What's new April 2000
What's new July 2000
What's new October 2000
What's new January 2001
What's new April 2001
What's new July 2001
What's new October 2001
What's new January 2002
What's new April 2002
What's new July 2002
What's new October 2002
What's new January 2003
What's new April 2003
What's new July 2003
What's New ©by Laif DeMason

The recent blackout experienced in the Northeast has made all aquarists acutely aware that fish-keeping is totally reliant on a constant supply of electricity. Since most cichlid hobbyists have many tanks, what can be done to minimize losses from long-term power interruptions? First, don’t panic! Most aquaria stocked at normal densities can survive quite easily for from a few to several hours without electricity. During such interruptions, the fish may become “spooked” and hide — this is a good sign. Simply do NOT feed your fish on that day! A bad sign would be fish hanging at the surface, a sign that the water is low in oxygen. For a long-term power outage, you can run battery-powered aerators part of the time. Prepare yourself ahead with bait aerators run on D-cell batteries, which are inexpensive at sport fishing stores. Buy a least one per two large tanks. If your system runs off a central blower, you’ll need a car battery-operated blower from aquaculture supply stores (for under $200.00). For larger solutions, there are portable generators; select one of at least 5000 KW (but run it OUTSIDE your building). Even if you didn’t lose fish this time, this blackout serves as a wake-up call — be prepared!

Here’s “what’s new” on the cichlid scene:

Lake Tanganyika 

The usual supply lines are still providing cichlids, Zambia and Tanzania per normal with Burundi exporting in spite of recent rebel attacks in Bujumbura. Congo is still hit-or-miss with the usual talks about permanent collecting. Bred fishes are available in good numbers as well.

what's new: Lake Tanganyika

More blue Cyphotilapia frontosa, — this one from Nangu, Zambia — are being harvested, along with other fishes in the area, such as black calvus.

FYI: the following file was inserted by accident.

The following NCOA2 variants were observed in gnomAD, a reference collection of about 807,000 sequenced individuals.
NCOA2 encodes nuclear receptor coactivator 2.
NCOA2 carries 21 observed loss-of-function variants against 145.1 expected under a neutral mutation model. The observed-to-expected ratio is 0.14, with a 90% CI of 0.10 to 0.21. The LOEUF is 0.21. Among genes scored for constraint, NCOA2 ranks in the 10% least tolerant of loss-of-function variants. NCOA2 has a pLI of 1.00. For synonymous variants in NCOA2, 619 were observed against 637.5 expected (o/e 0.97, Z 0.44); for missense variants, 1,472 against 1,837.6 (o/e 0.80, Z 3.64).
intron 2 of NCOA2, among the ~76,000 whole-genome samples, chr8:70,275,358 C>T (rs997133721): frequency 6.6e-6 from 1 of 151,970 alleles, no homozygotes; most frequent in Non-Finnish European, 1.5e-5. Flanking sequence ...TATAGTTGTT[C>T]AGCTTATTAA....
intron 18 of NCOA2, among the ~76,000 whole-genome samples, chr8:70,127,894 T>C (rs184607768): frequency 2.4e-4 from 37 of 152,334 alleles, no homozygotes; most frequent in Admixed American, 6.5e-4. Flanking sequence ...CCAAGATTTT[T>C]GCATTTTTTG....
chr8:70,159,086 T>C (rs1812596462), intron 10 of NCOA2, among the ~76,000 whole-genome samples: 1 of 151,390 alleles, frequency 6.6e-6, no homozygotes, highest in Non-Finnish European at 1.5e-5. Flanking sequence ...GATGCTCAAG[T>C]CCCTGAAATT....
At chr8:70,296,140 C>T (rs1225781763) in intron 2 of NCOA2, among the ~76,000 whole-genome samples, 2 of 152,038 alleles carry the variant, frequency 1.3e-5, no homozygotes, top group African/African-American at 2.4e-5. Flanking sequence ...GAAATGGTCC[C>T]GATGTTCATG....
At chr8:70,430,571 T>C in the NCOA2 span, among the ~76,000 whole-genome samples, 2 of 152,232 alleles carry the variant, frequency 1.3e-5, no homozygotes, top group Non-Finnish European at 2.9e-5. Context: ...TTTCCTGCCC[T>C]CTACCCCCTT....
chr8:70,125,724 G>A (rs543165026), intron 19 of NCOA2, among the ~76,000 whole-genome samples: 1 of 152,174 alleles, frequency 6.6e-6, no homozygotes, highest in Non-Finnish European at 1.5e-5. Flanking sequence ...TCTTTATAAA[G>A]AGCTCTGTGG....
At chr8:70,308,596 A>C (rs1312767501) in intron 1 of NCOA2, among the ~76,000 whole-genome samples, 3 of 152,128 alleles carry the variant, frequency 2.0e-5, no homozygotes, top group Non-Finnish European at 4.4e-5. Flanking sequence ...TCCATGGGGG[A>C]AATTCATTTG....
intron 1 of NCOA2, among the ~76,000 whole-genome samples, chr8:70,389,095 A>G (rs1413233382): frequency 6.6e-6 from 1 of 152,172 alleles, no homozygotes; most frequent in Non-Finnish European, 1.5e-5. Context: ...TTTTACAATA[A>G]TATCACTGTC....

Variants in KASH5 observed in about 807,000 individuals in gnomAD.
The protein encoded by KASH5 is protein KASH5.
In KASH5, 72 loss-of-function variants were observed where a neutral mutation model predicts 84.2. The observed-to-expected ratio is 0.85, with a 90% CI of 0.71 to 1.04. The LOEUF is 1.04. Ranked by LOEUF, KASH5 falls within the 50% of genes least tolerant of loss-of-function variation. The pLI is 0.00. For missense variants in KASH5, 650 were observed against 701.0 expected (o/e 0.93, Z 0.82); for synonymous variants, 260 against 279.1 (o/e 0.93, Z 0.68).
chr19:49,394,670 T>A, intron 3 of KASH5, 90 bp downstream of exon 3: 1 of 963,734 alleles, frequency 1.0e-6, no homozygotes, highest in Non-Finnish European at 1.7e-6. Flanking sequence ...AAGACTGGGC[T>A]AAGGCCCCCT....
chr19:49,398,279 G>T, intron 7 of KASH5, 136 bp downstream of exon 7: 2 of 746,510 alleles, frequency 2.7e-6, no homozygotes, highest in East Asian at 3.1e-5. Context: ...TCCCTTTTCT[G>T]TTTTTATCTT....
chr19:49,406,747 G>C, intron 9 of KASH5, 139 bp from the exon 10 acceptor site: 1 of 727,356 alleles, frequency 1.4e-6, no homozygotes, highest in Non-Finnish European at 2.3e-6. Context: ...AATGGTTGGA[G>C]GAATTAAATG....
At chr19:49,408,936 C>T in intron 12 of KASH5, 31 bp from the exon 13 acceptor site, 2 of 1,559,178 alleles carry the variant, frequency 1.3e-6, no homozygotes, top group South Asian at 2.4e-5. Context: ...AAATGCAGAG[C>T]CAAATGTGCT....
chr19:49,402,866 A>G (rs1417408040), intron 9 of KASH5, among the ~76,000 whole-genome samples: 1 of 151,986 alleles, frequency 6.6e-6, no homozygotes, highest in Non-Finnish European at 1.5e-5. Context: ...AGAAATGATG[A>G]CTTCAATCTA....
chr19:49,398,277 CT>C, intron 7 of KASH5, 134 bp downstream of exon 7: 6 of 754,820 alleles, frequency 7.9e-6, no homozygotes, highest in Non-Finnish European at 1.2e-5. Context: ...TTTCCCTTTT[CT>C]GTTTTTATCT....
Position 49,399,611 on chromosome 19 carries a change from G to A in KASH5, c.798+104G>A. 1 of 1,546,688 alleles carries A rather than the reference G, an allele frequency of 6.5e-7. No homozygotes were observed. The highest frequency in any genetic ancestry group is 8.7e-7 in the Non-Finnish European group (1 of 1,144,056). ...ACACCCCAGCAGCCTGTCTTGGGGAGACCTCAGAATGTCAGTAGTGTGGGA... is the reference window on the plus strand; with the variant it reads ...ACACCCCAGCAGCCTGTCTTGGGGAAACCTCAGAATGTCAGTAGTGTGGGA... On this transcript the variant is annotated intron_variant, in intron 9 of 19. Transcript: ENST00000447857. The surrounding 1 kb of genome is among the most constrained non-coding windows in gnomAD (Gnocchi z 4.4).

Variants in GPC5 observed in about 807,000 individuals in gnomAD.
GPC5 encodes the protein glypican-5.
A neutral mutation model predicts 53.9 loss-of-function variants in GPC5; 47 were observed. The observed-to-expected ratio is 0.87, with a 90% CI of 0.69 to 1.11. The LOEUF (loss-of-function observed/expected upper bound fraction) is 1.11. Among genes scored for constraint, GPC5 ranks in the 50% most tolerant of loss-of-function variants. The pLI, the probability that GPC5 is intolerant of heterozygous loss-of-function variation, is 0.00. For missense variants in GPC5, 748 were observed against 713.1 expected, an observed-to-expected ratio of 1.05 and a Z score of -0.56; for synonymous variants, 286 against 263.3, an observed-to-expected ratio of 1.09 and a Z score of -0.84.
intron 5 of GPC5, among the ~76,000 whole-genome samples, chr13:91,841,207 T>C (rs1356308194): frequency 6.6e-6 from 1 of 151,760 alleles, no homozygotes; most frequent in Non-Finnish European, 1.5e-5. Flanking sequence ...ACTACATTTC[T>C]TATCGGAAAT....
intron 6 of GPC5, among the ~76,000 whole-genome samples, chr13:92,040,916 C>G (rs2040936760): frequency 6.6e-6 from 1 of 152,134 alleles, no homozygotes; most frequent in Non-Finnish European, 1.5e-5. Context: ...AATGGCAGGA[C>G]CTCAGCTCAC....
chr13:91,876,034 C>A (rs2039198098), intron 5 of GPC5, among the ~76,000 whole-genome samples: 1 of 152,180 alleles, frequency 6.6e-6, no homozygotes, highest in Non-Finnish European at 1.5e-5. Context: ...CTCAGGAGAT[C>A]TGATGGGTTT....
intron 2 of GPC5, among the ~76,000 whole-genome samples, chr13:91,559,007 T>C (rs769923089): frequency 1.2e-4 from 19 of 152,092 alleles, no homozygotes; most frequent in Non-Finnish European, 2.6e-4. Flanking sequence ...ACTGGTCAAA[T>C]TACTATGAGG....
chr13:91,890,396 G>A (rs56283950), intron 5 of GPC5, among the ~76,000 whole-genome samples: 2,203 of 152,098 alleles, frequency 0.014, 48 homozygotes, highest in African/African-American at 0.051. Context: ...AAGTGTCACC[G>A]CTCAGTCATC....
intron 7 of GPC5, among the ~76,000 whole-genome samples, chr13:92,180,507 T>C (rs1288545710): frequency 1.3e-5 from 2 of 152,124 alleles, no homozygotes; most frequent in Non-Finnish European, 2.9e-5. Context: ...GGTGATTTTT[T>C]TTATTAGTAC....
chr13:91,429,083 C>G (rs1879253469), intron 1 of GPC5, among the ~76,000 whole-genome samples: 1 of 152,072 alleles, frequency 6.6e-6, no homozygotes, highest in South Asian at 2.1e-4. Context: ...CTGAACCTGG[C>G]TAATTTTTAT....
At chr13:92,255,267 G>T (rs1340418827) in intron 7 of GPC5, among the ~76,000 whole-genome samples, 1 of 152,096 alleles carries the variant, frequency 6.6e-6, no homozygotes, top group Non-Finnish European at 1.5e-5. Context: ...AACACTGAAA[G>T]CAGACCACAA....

Altolamprologus cichlids are still quite popular; A. compressiceps “red” are collected from two places in Tanzania. Individuals vary in the intensity of red in their body and fins.

Also from Tanzania, the blue-eyed Tropheus from near the mouth of the Malagarasi River; some of the “forgotten” Tropheus of the past are being noticed again.

Something new on the scene from a specialty breeder — an albino Julidochromis transcriptus. Photo by R. Bachu.

Lake Malawi

Supplies are still good from both Malawi and Tanzania, while Mozambique activity is spotty. Although the volume of exports seems to have slowed, the number of specialty species has increased from all shippers. Popular bred items include newer varieties as well as some of the “forgotten” species from the past. 

what's new: Lake Malawi


Caught at depth in northeastern Malawi, a new yellow Cynotilapia afra can exhibit either bright yellow or orange colors depending on mood.

A newly-exported Pseudotropheus perspicax from Mbowe Island (Malawi) sports a distinct orange cap and dorsal margin.

Also recently exported is Labidochromis gigas, a little blue-barred cichlid from Malawi. Photo by A. Konings.

An interesting multi-colored mbuna sold as Ps. sp. “yellow belly zebra” is also from Mbowe Island, Malawi.

Collected along the southern Tanzanian coast, Copadichromis sp. “likomae blue” has a metallic sheen. Photo by A. Konings.

Developed in Florida some time ago, Protomelas sp. “steveni Taiwan albino” sports electric red, orange, and bluish-white. Many normal-colored juveniles carrying the albino gene were sold, and thus albino fry have appeared in broods in other places.

West Africa

Continued interest in these cichlids has pushed collectors to provide more varieties from the rivers of Congo (Zaire), Cameroon, and Guinea. Numerous cichlids are being shipped from species “hot spots”, especially from Cameroon and Guinea. Unfortunately many varieties are seasonal and will not be collected again until spring.

what's new: West Africa


A very small species, Nannochromis dimidiatus has been exported recently from the Congo in good numbers. 

Other river cichlids, such as Lamprologus congoensis, are currently supplied from Congo. Photo by A. Konings.

Many different varieties of Pelvicachromis taeniatus — such as this male “Dehane” — are exported from Cameroon. Photo by A. Lamboj.

Also from Cameroon (Ntem River), Parananochromis longirostris can reportedly grow quite large in the aquarium. Photo by A. Lamboj.


The collecting season has been very good in Brazil and other South American countries this year. If you are looking for wild-caught pikes or discus, they are available now. Many other varieties and species from the Americas are also being provided by specialty breeders.

what's new: Neotropics


Many of the more appealing eartheaters are actively bred for sale; shown here is Geophagus sp. “Bahia red.” Photo by J. Rapps.

Created in the Far East a couple of years ago, the “Parrot-fish” cichlid is a hybrid that has been selected for its oddly-shaped head and now can be bought in several color forms. Courtesy of Jy Lin Trading Company, Ltd.

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